Affordable Care Act looks to prevent chronic diseases in women

March 12, 2013 in health care costs, Health Insurance, Medical Care, Women's care

Like many people in the United States, I’m aware that the Affordable Care Act was signed into law by President Obama and that it aims to make sure that everyone has healthcare; however, until now I hadn’t taken the time to ask how it affects women like me. A quick glance at the services provided under the umbrella of the Affordable Care Act shows that there are a handful of preventive services that I never knew I should consider, let alone take advantage of.

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One of the major elements of the act is encouraging women to visit their doctor in regards to preventive care services since, according to, chronic diseases that are often preventable are responsible for 7 of 10 deaths among Americans each year and account for 75% of the nation’s health spending. If the preventive services cut down on the percentage of people with chronic diseases, then the nation’s spending spent on health will presumably go down.

Some of the services offered to women are screenings for anemia, cervical cancer, gestational diabetes, gonorrhea, Hepatitis B, and osteoporosis. Additionally, in August 2011 the Affordable Care Act introduced eight new preventive care services for women including well-woman visits, gestational diabetes screenings, HPV DNA testing, STI counseling, HIV screenings and counseling, contraception and contraceptive counseling, breastfeeding support, and interpersonal and domestic violence screenings and counseling.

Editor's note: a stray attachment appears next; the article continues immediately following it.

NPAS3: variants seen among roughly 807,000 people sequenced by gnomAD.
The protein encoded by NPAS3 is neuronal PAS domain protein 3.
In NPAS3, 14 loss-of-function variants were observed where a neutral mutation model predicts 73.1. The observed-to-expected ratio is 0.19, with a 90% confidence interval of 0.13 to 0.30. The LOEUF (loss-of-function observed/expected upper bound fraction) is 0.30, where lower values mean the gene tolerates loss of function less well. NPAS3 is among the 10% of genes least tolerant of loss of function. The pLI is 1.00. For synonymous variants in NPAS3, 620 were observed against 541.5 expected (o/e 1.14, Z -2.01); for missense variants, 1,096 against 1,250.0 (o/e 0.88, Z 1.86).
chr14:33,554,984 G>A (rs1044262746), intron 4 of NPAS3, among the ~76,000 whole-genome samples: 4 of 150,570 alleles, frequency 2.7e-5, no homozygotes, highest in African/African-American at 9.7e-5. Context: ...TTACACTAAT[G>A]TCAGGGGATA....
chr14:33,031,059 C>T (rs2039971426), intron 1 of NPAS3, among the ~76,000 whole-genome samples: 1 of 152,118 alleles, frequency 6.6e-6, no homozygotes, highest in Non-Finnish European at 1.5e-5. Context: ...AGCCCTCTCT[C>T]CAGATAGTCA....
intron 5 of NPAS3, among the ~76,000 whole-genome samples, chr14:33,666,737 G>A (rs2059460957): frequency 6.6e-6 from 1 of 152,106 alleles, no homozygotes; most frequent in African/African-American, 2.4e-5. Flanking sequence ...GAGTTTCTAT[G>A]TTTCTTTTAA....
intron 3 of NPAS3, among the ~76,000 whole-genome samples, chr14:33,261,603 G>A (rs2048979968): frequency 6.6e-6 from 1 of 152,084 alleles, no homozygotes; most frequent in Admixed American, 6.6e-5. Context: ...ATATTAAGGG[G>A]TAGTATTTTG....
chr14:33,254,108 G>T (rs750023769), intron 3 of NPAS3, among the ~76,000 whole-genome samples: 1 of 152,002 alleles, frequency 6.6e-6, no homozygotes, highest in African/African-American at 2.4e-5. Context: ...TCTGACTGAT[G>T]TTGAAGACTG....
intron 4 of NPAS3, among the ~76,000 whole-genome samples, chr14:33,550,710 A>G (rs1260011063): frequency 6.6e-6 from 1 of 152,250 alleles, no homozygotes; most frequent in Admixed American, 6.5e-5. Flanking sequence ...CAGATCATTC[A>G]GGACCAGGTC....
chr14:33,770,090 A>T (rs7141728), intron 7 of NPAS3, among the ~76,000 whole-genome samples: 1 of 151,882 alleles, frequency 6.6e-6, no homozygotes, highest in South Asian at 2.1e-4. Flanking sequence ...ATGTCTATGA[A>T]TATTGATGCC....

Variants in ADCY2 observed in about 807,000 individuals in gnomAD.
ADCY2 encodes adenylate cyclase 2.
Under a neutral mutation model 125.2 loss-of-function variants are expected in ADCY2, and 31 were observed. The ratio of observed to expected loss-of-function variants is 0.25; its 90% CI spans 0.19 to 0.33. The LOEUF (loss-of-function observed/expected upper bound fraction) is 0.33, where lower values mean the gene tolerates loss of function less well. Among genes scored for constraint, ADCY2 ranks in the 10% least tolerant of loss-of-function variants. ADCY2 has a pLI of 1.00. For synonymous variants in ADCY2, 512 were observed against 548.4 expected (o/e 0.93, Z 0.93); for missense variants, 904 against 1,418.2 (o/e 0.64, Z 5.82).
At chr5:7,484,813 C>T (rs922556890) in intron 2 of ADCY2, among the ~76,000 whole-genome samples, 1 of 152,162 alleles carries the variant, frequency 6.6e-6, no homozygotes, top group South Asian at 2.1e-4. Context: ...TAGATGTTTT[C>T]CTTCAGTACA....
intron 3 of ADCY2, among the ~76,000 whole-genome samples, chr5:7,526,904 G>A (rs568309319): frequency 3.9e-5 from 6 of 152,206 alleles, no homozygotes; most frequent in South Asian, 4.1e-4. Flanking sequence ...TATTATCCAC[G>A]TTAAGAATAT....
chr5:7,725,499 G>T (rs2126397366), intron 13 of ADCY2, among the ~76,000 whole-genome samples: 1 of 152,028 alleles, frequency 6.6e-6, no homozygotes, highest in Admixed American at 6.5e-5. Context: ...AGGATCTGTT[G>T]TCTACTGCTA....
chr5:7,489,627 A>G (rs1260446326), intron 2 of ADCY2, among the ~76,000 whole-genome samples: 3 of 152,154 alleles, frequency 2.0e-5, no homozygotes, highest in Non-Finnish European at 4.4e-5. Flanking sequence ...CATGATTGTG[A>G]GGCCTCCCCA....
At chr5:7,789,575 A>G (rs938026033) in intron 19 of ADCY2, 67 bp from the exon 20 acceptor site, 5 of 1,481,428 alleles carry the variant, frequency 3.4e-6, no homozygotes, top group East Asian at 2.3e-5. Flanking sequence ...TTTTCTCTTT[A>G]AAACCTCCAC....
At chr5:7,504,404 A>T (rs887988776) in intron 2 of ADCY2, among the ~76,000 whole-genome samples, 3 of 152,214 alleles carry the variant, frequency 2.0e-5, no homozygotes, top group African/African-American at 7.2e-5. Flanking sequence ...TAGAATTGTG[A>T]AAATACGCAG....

According to the website, “if you have a new health insurance plan or insurance policy beginning on or after September 23, 2010,” then the preventive services “must be covered without you having to pay a copayment or co-insurance,” as long as the service is delivered by a network provider.

With a total of 22 preventive services offered to specifically women, not including the other 15 preventive tests that are offered to men and women, the amount of tests can potentially be overwhelming. However, the well-woman visit, arguably the most useful and time saving preventive service, helps women design a personalized health plan based off of recommended preventive services made by their doctors. This visit can help both doctors and patients narrow down which tests are necessary and will actually benefit each woman.

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